St. Jude Reference #SJ-03-0018B
There is a growing interest among oncologists in the use of natural killer (NK) cells for cell therapy of cancer. In particular, the use of allogeneic NK cell either in the context of hematopoietic stem cell transplantation or through infusion in immunosuppressed (but not myeloablated) patients is an attractive tool for eradicating residual disease. St. Jude investigators developed a method that allows specific expansion of human NK cells from peripheral blood cells that relies on the coculture of peripheral blood mononuclear cells with an irradiated, genetically-modified leukemia cell line (K562-mb15-41BBL). These expanded NK cells are significantly more cytotoxic than their unstimulated counterparts. They are particularly active against acute myeloid leukemia cells and some childhood solid tumors, both in vitro and in animal models. Activity against other types of cancer remains to be tested. A Phase I trial utilizing NK cells expanded with the K562-mb15-41BBL opened at St. Jude in September 2008.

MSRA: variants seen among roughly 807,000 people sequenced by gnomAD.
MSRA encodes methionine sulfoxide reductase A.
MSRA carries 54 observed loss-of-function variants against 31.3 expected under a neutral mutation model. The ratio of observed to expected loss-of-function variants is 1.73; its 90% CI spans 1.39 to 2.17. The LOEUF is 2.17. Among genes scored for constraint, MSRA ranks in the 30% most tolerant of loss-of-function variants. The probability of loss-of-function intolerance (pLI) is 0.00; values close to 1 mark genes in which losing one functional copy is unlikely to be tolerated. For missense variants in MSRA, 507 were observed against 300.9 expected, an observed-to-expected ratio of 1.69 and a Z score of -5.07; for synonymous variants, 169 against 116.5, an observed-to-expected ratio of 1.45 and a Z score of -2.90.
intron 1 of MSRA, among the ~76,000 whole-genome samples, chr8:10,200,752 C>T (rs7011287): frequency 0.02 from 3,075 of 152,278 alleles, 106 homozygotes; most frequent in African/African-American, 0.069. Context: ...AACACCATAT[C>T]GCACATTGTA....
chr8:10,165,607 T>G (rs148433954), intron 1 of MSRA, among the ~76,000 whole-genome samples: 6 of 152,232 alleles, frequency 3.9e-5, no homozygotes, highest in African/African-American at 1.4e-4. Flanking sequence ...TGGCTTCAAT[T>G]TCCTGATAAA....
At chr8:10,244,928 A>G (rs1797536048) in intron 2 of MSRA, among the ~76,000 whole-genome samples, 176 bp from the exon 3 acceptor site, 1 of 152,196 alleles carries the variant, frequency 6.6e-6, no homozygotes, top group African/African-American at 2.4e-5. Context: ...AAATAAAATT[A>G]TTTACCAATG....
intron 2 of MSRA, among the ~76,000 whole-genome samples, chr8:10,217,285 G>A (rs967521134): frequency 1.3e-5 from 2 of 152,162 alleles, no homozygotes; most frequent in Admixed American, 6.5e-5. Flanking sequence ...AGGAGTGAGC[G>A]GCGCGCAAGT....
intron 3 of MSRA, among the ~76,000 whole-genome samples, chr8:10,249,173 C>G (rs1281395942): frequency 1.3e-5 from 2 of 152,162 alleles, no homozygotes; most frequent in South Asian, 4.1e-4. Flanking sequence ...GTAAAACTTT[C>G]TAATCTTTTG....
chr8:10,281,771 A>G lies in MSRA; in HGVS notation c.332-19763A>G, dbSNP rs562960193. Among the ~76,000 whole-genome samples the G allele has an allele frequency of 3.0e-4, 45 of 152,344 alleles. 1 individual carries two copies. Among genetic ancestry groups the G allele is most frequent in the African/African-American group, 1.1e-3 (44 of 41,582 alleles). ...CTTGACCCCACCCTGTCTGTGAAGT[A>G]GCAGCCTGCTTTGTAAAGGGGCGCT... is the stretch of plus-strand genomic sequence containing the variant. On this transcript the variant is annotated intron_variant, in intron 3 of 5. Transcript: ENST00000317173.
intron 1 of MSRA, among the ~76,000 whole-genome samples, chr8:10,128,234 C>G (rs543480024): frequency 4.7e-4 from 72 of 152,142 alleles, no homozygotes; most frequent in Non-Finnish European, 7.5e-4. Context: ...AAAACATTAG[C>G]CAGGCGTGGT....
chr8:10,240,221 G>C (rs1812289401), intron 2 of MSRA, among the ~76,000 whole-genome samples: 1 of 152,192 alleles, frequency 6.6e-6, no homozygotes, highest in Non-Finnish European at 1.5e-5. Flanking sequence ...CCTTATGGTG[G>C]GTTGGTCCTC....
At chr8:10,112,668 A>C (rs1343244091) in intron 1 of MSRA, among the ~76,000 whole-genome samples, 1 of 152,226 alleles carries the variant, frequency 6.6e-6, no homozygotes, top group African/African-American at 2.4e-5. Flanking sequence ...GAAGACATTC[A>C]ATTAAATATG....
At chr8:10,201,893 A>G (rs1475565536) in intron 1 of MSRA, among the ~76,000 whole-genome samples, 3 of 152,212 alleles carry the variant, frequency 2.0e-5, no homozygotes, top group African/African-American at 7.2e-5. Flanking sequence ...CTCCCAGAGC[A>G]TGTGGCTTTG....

NK cells, leukemia therapy
Granted patents or published applications
U.S. Patent No. 7,435,596
Related scientific references
Imai C., Iwamoto S., Campana D. Genetic modification of primary natural killer cells overcomes inhibitory signals and induces specific killing of leukemic cells. Blood. 2005 Jul 1;106(1):376-83. Epub 2005 Mar 8.
We are seeking a licensee willing to provide a clinical grade K562-mb15-41BBL cell line to other academic and corporate entities. The licensee could also consider expanding NK cells from different donors on demand and generating a bank of NK cells.
Contact the Office of Technology Licensing (Phone: 901-595-2342, Fax: 901-595-3148) for more information.